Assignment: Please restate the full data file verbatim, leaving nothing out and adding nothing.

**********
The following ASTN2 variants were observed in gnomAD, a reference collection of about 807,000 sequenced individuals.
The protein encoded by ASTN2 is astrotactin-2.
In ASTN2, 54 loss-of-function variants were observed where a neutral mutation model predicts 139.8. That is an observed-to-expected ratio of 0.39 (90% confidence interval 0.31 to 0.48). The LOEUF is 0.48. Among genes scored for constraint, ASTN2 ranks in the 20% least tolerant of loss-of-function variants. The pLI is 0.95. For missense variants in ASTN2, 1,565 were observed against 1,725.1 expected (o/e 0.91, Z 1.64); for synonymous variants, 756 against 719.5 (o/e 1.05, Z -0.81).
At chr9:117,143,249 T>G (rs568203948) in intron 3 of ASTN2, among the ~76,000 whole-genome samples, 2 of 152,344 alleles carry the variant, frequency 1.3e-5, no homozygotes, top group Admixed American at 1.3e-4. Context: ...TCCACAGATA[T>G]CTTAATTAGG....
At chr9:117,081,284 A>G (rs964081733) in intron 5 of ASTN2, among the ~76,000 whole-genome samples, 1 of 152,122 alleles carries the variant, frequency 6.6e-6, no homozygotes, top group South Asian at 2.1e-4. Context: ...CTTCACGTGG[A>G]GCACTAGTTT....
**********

The following ASTN2 variants were observed in gnomAD, a reference collection of about 807,000 sequenced individuals.
The protein encoded by ASTN2 is astrotactin-2.
In ASTN2, 54 loss-of-function variants were observed where a neutral mutation model predicts 139.8. That is an observed-to-expected ratio of 0.39 (90% confidence interval 0.31 to 0.48). The LOEUF is 0.48. Among genes scored for constraint, ASTN2 ranks in the 20% least tolerant of loss-of-function variants. The pLI is 0.95. For missense variants in ASTN2, 1,565 were observed against 1,725.1 expected (o/e 0.91, Z 1.64); for synonymous variants, 756 against 719.5 (o/e 1.05, Z -0.81).
At chr9:117,143,249 T>G (rs568203948) in intron 3 of ASTN2, among the ~76,000 whole-genome samples, 2 of 152,344 alleles carry the variant, frequency 1.3e-5, no homozygotes, top group Admixed American at 1.3e-4. Context: ...TCCACAGATA[T>G]CTTAATTAGG....
At chr9:117,081,284 A>G (rs964081733) in intron 5 of ASTN2, among the ~76,000 whole-genome samples, 1 of 152,122 alleles carries the variant, frequency 6.6e-6, no homozygotes, top group South Asian at 2.1e-4. Context: ...CTTCACGTGG[A>G]GCACTAGTTT....